Decades ago, Cord McCoy was one of the biggest rodeo names to compete in Oklahoma.
McCoy grew up on Oklahoma rodeos. He was an all-around superstar from a young age, following in the footsteps of his three older brothers and older sister.
As a kid, he and Jet, older by 13 months, were making their names known by their prowess in the arena.
As a teenager, he was excelling in the Oklahoma City-based IPRA, eventually becoming a five-time champion in the association.
Now, though, McCoy is a stock contractor in the PRCA, the sport’s premier sanctioning body, and he returns to central Oklahoma for Paycom’s Purcell ProRodeo, set for 7:30 p.m. Friday, April 22, and Saturday, April 23, at the McClain County Expo in Purcell. He will be the event’s producer.
“I have so many memories of growing up and going to these rodeos when I was a kid,” said McCoy of Lane, Okla. “Now that I am producing rodeos instead of competing in them, I want to be able to put on great rodeos. I am proud to do that in my home state of Oklahoma.”
He should be. The Sooner State has a proud tradition in rodeo, dating back to nearly a century ago when the PRCA was first established in 1929.
From steer wrestler Gene Ross of Sayer in 1929 to bull rider Sage Kimzey in 2021 (his seventh in eight years), Oklahoma has been home to dozens of PRCA world champions over 11 decades.
McCoy has his own history in his home state. After a stellar career in youth and high school rodeo, he moved on to Southwestern Oklahoma State University and was a regular qualifier to the College National Finals Rodeo … typically alongside Jet. Both were also dominant all-around cowboys in the IPRA.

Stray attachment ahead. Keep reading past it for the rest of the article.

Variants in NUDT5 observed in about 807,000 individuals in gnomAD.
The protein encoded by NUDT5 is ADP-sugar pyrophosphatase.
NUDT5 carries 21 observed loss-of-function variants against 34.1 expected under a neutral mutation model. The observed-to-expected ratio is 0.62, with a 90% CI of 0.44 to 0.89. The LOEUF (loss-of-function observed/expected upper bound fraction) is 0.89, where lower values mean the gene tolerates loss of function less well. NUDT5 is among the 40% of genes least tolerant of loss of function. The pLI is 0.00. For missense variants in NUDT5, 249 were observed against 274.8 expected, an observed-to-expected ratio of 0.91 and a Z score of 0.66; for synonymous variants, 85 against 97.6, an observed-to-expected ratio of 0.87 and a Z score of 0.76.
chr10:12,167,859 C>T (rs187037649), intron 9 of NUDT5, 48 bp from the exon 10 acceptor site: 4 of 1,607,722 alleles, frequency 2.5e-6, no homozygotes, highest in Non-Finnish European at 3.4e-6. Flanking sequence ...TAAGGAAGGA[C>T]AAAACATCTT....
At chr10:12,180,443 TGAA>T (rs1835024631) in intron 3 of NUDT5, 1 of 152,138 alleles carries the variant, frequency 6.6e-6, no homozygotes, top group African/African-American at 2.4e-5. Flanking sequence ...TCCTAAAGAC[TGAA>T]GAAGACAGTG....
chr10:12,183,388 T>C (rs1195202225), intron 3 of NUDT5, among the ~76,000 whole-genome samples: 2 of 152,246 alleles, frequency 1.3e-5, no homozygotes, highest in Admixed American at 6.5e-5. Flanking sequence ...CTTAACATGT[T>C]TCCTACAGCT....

In September 2004 while competing at the PRCA rodeo in Oklahoma City, Cord McCoy was severely injured after getting bucked off in saddle bronc riding and kicked in the head by his horse.
After months of recovery, he returned to action at the 89er Days Rodeo at the Lazy E Arena near Guthrie in April 2005 and eventually qualified for the National Finals Rodeo in bull riding that season.
Starting in 2006, McCoy became a regular on the PBR’s premier series, now dubbed the Unleash the Beast tour. He was a six-time qualifier to the PBR World Finals.
Paycom’s Purcell ProRodeo is part of the McCoy Rodeo Tour, a series of nine rodeos spread across the Midwest. Most, though, are in Oklahoma.
“This is a chance to show some great Oklahoma talent, some outstanding cowboys and cowgirls from right here,” McCoy said. “We’re also going to see contestants from all over. Spring is a good time to rodeo in Oklahoma, and we’re looking forward to showing Purcell what ProRodeo is all about.”
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